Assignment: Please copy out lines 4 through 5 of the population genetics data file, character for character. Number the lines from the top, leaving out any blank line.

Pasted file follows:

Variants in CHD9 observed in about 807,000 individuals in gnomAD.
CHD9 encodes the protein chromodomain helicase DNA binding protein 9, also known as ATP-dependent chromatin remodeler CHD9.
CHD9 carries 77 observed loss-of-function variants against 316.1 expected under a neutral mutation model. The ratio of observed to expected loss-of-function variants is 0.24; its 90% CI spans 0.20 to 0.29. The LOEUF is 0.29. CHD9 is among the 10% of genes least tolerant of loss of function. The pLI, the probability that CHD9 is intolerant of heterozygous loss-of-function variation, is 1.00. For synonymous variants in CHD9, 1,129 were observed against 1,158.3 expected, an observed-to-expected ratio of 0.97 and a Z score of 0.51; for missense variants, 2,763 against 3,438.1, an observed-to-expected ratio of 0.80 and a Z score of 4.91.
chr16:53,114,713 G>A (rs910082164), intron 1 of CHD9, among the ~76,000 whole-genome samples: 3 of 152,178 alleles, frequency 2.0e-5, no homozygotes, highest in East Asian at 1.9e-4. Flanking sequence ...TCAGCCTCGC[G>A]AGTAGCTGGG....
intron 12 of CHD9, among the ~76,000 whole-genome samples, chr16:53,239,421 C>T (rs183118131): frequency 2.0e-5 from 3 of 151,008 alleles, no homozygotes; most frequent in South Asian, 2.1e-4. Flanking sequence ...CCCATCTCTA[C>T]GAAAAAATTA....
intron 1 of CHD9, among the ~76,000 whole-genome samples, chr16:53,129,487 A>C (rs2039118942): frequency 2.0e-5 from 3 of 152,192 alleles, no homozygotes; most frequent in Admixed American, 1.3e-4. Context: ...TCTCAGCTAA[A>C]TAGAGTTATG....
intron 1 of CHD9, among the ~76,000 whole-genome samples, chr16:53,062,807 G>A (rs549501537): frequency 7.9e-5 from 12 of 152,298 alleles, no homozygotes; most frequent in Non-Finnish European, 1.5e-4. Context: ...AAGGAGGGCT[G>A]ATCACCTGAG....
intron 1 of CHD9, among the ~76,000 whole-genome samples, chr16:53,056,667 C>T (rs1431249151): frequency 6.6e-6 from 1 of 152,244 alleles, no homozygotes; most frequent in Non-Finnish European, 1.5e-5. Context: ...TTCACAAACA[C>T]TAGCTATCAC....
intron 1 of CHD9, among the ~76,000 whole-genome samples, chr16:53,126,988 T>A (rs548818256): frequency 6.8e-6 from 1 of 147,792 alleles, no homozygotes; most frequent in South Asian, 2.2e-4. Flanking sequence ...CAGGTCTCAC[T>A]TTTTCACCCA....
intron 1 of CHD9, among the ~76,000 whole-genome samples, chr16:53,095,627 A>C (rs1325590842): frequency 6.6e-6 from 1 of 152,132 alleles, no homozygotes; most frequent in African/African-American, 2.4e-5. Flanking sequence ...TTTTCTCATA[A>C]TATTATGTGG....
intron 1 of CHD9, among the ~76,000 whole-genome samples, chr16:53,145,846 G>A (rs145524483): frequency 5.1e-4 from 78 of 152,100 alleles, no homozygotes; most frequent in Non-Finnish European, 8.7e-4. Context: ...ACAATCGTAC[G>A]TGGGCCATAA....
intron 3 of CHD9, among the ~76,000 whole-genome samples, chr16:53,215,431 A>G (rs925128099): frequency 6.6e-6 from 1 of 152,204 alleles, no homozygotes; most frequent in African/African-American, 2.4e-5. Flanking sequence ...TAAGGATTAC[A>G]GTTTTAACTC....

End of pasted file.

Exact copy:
chr16:53,114,713 G>A (rs910082164), intron 1 of CHD9, among the ~76,000 whole-genome samples: 3 of 152,178 alleles, frequency 2.0e-5, no homozygotes, highest in East Asian at 1.9e-4. Flanking sequence ...TCAGCCTCGC[G>A]AGTAGCTGGG....
intron 12 of CHD9, among the ~76,000 whole-genome samples, chr16:53,239,421 C>T (rs183118131): frequency 2.0e-5 from 3 of 151,008 alleles, no homozygotes; most frequent in South Asian, 2.1e-4. Flanking sequence ...CCCATCTCTA[C>T]GAAAAAATTA....